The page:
On the other hand, the thought of my young children fine tuning their ‘resume’ at their tender young age is ludicrous. However, I can help them to save and manage their school work, activities, and accomplishments and discuss with them which ones they would like the world to see, and which are a true representation of themselves. We can then share them later when it is age appropriate.

Now to put these words into action. For myself, I have always tended to err on the side of privacy, so I need to make an effort to be more ‘visible’ online instead of trying to hide. I need to make a deliberate effort to share a true representation of who I am and beef up my Google resume! If I think of it this way, it is definitely less intimidating. I also will work with my kids to create an ePortfolio for them to share at a later time. They are at the perfect age to take this step. And with one video on YouTube already getting views in the double digits, they are into the idea of ‘being seen’, talk about a teachable moment!

“Andy” Video. Youth and Media – Digital Dossier. Retrieved from http://www.youtube.com/watch?v=79IYZVYIVLA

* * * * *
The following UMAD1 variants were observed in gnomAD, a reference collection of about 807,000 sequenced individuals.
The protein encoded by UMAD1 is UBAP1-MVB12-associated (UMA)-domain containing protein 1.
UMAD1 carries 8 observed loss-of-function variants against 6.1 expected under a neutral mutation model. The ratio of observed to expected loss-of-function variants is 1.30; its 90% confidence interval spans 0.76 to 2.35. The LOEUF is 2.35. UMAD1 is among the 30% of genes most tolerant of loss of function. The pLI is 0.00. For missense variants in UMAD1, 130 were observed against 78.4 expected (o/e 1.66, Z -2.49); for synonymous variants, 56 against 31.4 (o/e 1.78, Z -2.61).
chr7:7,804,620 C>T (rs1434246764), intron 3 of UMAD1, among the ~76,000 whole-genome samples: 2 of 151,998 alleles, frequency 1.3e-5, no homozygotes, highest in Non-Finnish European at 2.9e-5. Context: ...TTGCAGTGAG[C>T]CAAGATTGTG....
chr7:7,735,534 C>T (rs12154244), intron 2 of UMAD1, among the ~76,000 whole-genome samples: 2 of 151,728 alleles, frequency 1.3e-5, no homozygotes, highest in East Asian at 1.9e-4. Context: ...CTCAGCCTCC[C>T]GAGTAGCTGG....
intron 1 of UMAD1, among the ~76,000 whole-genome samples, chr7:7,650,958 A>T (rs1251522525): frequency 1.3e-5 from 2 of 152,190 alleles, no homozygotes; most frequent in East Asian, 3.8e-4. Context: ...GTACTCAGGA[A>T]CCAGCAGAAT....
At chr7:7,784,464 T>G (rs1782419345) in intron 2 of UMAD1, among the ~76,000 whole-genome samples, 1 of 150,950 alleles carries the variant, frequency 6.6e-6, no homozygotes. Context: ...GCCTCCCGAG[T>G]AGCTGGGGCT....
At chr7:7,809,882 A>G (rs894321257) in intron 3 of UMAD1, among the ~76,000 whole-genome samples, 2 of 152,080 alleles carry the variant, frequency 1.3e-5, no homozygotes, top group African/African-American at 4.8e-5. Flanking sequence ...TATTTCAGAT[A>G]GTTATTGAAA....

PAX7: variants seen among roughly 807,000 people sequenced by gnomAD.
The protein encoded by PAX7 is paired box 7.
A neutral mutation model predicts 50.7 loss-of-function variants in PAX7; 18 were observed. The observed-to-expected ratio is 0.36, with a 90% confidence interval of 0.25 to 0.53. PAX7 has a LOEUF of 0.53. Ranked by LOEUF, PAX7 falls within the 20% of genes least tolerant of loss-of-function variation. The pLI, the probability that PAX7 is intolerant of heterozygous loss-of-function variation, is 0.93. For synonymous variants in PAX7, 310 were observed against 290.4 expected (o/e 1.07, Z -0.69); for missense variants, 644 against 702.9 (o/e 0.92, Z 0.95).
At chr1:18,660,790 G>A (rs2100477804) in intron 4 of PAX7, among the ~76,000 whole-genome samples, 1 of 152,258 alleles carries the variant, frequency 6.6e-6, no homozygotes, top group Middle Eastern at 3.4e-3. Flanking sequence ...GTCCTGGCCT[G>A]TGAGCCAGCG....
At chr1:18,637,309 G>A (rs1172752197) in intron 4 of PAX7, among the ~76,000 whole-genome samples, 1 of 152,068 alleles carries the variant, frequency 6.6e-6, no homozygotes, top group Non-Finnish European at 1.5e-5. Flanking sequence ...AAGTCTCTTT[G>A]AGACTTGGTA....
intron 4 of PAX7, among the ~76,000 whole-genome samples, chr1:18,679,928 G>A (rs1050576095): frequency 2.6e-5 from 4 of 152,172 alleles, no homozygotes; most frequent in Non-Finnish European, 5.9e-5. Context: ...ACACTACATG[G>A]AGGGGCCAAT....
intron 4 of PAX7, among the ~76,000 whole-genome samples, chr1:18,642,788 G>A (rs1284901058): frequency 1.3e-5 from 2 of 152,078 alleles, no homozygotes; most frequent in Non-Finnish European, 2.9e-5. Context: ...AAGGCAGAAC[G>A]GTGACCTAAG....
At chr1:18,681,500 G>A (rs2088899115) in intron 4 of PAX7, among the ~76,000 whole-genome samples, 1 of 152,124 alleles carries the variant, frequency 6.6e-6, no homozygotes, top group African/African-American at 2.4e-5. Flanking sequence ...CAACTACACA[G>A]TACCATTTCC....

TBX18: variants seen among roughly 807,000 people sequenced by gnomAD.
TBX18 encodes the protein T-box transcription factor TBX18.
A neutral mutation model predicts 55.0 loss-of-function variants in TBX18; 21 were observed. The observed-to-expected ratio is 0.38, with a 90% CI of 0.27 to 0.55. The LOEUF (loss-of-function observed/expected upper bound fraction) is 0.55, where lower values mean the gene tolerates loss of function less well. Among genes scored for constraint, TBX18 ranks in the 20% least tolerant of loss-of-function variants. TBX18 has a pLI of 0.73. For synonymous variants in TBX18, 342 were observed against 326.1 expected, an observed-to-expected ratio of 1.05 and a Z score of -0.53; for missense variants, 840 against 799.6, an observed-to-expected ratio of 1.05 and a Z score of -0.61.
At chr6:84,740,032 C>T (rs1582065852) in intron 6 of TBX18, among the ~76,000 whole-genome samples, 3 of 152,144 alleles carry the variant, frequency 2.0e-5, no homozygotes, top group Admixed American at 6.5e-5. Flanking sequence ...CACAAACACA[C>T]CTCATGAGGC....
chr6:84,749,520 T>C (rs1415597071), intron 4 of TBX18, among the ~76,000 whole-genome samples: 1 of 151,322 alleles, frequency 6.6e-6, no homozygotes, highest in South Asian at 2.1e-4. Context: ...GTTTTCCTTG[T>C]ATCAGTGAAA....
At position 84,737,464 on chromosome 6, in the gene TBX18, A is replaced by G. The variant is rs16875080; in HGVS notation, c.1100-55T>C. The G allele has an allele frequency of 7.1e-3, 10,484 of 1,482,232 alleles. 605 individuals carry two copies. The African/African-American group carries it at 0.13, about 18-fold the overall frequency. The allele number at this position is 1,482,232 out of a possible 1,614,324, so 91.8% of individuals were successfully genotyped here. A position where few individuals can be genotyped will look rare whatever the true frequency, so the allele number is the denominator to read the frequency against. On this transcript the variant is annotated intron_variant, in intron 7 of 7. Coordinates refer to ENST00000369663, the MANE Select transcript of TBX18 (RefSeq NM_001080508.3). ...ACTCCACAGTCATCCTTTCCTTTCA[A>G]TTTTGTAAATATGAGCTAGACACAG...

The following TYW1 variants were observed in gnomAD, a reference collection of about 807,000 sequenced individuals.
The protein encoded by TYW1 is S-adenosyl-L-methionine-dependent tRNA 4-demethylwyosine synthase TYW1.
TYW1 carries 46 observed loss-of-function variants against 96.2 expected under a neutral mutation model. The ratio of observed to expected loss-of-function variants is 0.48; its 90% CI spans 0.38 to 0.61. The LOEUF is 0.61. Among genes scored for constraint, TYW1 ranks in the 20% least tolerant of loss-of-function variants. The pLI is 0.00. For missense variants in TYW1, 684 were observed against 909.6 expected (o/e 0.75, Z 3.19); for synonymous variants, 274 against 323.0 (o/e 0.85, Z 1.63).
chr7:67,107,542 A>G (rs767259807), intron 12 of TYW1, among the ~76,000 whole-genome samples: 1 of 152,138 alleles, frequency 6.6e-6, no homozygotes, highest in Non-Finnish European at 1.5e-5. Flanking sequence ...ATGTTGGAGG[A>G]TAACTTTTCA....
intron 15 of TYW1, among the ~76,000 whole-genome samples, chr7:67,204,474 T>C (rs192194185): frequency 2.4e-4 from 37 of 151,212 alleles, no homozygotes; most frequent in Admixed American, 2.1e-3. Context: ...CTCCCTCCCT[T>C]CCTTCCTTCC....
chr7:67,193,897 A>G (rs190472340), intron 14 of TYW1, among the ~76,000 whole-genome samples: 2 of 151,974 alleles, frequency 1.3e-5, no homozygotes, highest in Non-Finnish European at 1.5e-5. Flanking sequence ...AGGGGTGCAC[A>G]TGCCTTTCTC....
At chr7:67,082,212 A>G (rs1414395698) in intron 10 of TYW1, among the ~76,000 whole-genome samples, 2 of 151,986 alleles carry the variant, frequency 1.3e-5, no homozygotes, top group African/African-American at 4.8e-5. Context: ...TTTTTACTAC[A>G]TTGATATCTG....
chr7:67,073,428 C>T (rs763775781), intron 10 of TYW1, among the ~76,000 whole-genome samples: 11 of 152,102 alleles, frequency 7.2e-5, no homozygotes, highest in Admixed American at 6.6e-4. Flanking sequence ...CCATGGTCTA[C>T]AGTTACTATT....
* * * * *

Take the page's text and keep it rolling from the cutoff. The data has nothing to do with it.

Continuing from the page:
Week 3 Character Education

The week started with ideas involving students in the discussion of defining limits and acceptances in their virtual lives. The importance of spotlighting the differences between real life crimes and virtual life crimes for them. The requirement for all citizens to enforce acceptable digital behavior. And as a constant reminder for students to remember who is their online audience:

WHO is Googling YOU????

Warm fuzzies. My brain was swirling with ideas for students and my children. All is hunky dory. Good digital citizens we will all be. Then I Googled myself for the fun of it. Surprisingly more information than last time I checked, which was years ago, but nothing to be ashamed of or that I was wishing didn’t exist. No biggie. Then I listened to the NPR Ted Radio Hour, The End of Privacy: